Circa 1974 Katakura Silk by Dawes-man, on Flickr

... and details of another:

[IMG]
Circa 1978 Sugiyama Frame by Dawes-man, on Flickr[/IMG]

[IMG]
Circa 1978 Sugiyama Forks by Dawes-man, on Flickr[/IMG]

I recommend anyone to click on the pictures and look at the other photos of his frames...

Katakura Silk is a well-remembered frame maker that started making frames in the late 50s, I think. Originally a silk maker, they made their first small-engined motorcycles in 1954. In the 50s all the post office delivery bikes were little yellow 'Katakura Pets' They started making bicycle frames in the early 60s and many of the Japanese cycling team in the 1964 Tokyo Olympics were on Katakura Silks. By the 70s about 90% of all bicycles on any Keirin race board were theirs. They went out of the bicycle making business in the early-80s but they still exist as a silk manufacturer.

I've just phoned Mr Sugiyama and described your machine to him. He says it's a PX model from around 1979 and that he definitely made it. He says they are excellent frames and were made to the same standard as their order-made frames. The Katakura Silk factory was not far from the Yokota air base and all their large size frames were made for US servicemen there.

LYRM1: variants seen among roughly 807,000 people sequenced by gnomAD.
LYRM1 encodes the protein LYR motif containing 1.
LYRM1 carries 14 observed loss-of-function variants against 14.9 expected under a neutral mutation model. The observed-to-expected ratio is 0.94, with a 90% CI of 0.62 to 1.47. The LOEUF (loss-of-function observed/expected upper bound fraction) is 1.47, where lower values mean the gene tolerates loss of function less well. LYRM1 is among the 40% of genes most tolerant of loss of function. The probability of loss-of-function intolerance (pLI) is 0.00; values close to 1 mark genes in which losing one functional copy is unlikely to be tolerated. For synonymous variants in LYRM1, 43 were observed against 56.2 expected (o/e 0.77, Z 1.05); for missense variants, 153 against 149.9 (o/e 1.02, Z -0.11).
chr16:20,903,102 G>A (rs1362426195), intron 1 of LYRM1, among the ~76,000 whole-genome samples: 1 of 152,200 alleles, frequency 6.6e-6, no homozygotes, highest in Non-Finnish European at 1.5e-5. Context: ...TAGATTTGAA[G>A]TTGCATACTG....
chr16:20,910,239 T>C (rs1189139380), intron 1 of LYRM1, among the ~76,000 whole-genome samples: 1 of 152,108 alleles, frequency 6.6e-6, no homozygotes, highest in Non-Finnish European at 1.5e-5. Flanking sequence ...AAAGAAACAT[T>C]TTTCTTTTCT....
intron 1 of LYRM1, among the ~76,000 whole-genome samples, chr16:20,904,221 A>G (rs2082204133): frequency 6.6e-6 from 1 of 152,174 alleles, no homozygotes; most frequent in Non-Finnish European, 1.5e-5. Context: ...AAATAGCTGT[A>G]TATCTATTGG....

I have long wanted a Japanese frame, particularly a Silk due to my relationship with Mr Sugiyama. Unfortunately, it's impossible to find a frame here my size as they were all, like yours, sold to American servicemen who took them home with them. Please... please... please!

Value? Let's discuss that by PM.

Last edited by Dawes-man; 02-10-11 at 01:40 AM.
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Old 02-10-11, 12:59 PM
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Katakura Silk bicycles show up pretty often on Yahoo Japan auctions. it wouldn't be cheap to have one shipped to the USA, but it's a good resource if you really want one.
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Old 02-10-11, 01:06 PM
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Originally Posted by Catnap
Katakura Silk bicycles show up pretty often on Yahoo Japan auctions. it wouldn't be cheap to have one shipped to the USA, but it's a good resource if you really want one.
They pop up sometimes but they're all small frame, I think the biggest I've seen is 56cm. The one I bought for a friend was 53cm. Being in Japan the shipping was about $50 but most sellers won't ship abroad anyway.
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Old 02-11-11, 09:28 AM
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Katakura produced the Silk brand in everything from entry level, right on up to custom frames. I don't see anything special here, outside the chrome finish. Tubeset label mentions CrMo but not butting, so it's almost certainly plain gauge, which would be lower mid-range, assuming it is 1979. Serial number will tell us the exact year.
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Old 02-11-11, 12:54 PM
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Originally Posted by Dawes-man
They pop up sometimes but they're all small frame, I think the biggest I've seen is 56cm. The one I bought for a friend was 53cm. Being in Japan the shipping was about $50 but most sellers won't ship abroad anyway.